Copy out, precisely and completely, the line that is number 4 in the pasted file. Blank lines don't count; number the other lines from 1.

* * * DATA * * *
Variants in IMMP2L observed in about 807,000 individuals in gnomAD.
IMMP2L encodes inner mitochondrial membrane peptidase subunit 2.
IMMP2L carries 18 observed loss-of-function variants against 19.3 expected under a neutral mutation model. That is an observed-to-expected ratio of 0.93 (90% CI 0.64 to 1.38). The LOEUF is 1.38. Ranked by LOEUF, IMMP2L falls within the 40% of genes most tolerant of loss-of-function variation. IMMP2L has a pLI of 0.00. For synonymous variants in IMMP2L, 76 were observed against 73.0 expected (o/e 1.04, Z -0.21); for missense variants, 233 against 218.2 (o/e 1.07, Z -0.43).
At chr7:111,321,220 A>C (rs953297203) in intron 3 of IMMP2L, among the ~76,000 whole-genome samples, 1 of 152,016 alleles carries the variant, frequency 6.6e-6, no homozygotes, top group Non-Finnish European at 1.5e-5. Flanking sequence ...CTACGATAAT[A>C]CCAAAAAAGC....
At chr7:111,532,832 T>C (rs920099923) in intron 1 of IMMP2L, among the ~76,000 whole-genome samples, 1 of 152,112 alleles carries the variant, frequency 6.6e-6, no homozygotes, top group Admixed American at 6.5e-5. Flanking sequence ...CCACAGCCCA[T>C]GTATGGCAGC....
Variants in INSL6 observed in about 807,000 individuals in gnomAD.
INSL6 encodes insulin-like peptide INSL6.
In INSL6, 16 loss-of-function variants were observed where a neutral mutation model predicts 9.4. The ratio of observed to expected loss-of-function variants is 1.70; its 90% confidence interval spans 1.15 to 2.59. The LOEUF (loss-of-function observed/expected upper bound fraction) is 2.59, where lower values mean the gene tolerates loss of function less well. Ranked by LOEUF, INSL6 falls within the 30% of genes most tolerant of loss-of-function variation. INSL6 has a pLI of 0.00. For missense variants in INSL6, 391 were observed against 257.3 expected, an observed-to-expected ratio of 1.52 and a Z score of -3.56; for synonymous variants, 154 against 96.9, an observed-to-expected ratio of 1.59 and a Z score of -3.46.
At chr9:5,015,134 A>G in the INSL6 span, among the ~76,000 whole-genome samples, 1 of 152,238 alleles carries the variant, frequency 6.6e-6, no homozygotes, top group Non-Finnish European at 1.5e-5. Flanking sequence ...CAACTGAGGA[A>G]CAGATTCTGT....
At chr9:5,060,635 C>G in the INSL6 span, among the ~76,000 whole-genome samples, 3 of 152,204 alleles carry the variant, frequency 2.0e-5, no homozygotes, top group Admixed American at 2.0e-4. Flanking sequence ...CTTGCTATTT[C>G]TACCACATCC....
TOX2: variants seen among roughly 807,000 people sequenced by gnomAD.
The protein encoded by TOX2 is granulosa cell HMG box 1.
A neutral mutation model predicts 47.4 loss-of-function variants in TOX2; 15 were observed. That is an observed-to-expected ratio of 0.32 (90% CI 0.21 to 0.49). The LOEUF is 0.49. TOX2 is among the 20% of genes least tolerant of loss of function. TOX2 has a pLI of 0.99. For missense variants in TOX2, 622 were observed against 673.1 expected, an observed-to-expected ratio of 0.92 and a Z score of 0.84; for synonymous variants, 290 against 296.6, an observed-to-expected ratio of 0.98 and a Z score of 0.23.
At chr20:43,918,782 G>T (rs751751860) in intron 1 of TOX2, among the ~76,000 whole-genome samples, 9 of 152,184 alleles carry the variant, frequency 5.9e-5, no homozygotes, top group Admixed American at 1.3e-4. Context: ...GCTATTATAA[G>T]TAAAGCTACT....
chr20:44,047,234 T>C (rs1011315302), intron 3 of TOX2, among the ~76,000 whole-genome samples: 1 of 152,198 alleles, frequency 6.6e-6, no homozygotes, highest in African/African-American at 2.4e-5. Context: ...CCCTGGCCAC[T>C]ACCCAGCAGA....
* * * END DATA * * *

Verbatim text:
At chr7:111,321,220 A>C (rs953297203) in intron 3 of IMMP2L, among the ~76,000 whole-genome samples, 1 of 152,016 alleles carries the variant, frequency 6.6e-6, no homozygotes, top group Non-Finnish European at 1.5e-5. Flanking sequence ...CTACGATAAT[A>C]CCAAAAAAGC....